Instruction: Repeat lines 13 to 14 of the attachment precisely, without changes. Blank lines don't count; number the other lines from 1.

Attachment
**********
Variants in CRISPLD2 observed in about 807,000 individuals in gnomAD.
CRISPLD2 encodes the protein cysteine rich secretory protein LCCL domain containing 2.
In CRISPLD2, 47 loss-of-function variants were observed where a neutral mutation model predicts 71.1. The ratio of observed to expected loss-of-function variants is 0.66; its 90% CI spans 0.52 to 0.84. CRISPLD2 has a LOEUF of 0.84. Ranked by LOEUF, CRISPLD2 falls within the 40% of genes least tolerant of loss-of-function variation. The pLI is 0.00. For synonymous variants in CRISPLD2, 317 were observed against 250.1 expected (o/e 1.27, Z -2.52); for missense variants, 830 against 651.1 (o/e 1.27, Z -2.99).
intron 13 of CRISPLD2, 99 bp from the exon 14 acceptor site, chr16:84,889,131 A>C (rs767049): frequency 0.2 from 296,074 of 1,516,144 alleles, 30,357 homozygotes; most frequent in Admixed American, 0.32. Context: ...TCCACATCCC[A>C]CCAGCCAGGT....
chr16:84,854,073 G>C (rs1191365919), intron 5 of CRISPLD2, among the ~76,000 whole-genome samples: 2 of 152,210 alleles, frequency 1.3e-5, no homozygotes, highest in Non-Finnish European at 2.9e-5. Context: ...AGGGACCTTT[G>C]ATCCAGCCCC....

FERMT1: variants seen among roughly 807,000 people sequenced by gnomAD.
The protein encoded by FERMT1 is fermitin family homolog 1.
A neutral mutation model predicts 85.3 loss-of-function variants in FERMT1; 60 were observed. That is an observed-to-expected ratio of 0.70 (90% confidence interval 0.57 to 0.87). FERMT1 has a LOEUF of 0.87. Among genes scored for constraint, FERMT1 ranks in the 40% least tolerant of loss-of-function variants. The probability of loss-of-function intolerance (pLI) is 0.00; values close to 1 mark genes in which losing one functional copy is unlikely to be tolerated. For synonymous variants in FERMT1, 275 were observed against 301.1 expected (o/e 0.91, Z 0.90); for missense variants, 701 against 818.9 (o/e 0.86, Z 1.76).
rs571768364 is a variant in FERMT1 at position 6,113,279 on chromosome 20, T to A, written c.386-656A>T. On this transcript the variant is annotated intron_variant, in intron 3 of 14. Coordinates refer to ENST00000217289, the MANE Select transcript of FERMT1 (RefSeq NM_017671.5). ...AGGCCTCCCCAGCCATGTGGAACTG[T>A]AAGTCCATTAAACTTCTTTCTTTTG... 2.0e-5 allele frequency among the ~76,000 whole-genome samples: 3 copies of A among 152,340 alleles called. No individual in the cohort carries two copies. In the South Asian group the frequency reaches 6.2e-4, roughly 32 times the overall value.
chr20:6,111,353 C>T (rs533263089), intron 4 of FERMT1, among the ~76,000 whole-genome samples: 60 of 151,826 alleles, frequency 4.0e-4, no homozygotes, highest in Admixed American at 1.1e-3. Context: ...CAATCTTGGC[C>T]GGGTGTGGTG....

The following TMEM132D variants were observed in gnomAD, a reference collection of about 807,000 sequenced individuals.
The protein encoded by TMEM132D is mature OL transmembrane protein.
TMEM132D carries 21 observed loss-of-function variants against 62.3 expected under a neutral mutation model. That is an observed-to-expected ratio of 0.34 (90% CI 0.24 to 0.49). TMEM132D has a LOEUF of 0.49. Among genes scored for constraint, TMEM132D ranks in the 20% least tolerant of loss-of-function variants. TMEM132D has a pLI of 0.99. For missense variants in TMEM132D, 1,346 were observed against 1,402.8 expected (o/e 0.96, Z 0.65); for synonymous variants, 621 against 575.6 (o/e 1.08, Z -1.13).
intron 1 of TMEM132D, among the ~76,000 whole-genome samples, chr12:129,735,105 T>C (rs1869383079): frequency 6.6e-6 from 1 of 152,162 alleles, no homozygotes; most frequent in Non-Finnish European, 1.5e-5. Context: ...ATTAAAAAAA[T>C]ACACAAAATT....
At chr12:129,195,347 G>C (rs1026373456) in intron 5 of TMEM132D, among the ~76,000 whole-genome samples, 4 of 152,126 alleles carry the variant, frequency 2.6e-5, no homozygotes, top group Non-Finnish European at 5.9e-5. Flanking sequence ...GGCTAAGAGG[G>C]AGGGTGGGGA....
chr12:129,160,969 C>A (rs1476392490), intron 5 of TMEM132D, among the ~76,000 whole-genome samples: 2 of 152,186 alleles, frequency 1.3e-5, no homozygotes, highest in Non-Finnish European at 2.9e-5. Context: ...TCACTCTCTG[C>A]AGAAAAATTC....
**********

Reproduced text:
TMEM132D carries 21 observed loss-of-function variants against 62.3 expected under a neutral mutation model. That is an observed-to-expected ratio of 0.34 (90% CI 0.24 to 0.49). TMEM132D has a LOEUF of 0.49. Among genes scored for constraint, TMEM132D ranks in the 20% least tolerant of loss-of-function variants. TMEM132D has a pLI of 0.99. For missense variants in TMEM132D, 1,346 were observed against 1,402.8 expected (o/e 0.96, Z 0.65); for synonymous variants, 621 against 575.6 (o/e 1.08, Z -1.13).
intron 1 of TMEM132D, among the ~76,000 whole-genome samples, chr12:129,735,105 T>C (rs1869383079): frequency 6.6e-6 from 1 of 152,162 alleles, no homozygotes; most frequent in Non-Finnish European, 1.5e-5. Context: ...ATTAAAAAAA[T>C]ACACAAAATT....